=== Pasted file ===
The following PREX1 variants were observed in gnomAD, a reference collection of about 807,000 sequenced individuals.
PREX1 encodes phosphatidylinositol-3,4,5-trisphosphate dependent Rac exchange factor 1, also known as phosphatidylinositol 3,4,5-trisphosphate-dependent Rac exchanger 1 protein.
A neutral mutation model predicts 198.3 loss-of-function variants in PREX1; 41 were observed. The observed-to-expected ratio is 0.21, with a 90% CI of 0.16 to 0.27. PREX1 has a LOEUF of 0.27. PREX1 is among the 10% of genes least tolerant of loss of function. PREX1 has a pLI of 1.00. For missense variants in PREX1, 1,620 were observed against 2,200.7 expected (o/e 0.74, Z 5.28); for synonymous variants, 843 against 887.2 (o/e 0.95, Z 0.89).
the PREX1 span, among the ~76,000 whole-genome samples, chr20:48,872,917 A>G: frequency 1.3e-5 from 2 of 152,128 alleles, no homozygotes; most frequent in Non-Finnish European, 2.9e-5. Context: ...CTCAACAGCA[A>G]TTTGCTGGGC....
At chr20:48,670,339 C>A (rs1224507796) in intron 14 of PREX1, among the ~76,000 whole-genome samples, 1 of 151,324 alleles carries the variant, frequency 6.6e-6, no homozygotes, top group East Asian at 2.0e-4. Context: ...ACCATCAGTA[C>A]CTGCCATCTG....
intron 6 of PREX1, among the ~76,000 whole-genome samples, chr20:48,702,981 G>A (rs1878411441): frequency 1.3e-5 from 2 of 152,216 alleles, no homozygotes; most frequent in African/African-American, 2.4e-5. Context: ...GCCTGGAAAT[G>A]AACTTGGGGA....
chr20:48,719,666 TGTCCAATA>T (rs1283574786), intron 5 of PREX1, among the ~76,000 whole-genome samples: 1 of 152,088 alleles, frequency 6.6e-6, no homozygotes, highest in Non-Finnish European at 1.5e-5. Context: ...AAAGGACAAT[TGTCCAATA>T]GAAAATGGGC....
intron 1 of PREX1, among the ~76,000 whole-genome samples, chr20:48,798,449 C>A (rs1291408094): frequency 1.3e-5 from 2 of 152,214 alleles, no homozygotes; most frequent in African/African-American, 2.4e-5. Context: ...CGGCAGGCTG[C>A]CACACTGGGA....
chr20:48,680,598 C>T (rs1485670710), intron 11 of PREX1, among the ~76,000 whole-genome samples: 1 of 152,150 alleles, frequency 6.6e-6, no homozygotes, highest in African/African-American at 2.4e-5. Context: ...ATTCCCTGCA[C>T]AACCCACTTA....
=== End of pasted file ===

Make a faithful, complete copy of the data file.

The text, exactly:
The following PREX1 variants were observed in gnomAD, a reference collection of about 807,000 sequenced individuals.
PREX1 encodes phosphatidylinositol-3,4,5-trisphosphate dependent Rac exchange factor 1, also known as phosphatidylinositol 3,4,5-trisphosphate-dependent Rac exchanger 1 protein.
A neutral mutation model predicts 198.3 loss-of-function variants in PREX1; 41 were observed. The observed-to-expected ratio is 0.21, with a 90% CI of 0.16 to 0.27. PREX1 has a LOEUF of 0.27. PREX1 is among the 10% of genes least tolerant of loss of function. PREX1 has a pLI of 1.00. For missense variants in PREX1, 1,620 were observed against 2,200.7 expected (o/e 0.74, Z 5.28); for synonymous variants, 843 against 887.2 (o/e 0.95, Z 0.89).
the PREX1 span, among the ~76,000 whole-genome samples, chr20:48,872,917 A>G: frequency 1.3e-5 from 2 of 152,128 alleles, no homozygotes; most frequent in Non-Finnish European, 2.9e-5. Context: ...CTCAACAGCA[A>G]TTTGCTGGGC....
At chr20:48,670,339 C>A (rs1224507796) in intron 14 of PREX1, among the ~76,000 whole-genome samples, 1 of 151,324 alleles carries the variant, frequency 6.6e-6, no homozygotes, top group East Asian at 2.0e-4. Context: ...ACCATCAGTA[C>A]CTGCCATCTG....
intron 6 of PREX1, among the ~76,000 whole-genome samples, chr20:48,702,981 G>A (rs1878411441): frequency 1.3e-5 from 2 of 152,216 alleles, no homozygotes; most frequent in African/African-American, 2.4e-5. Context: ...GCCTGGAAAT[G>A]AACTTGGGGA....
chr20:48,719,666 TGTCCAATA>T (rs1283574786), intron 5 of PREX1, among the ~76,000 whole-genome samples: 1 of 152,088 alleles, frequency 6.6e-6, no homozygotes, highest in Non-Finnish European at 1.5e-5. Context: ...AAAGGACAAT[TGTCCAATA>T]GAAAATGGGC....
intron 1 of PREX1, among the ~76,000 whole-genome samples, chr20:48,798,449 C>A (rs1291408094): frequency 1.3e-5 from 2 of 152,214 alleles, no homozygotes; most frequent in African/African-American, 2.4e-5. Context: ...CGGCAGGCTG[C>A]CACACTGGGA....
chr20:48,680,598 C>T (rs1485670710), intron 11 of PREX1, among the ~76,000 whole-genome samples: 1 of 152,150 alleles, frequency 6.6e-6, no homozygotes, highest in African/African-American at 2.4e-5. Context: ...ATTCCCTGCA[C>T]AACCCACTTA....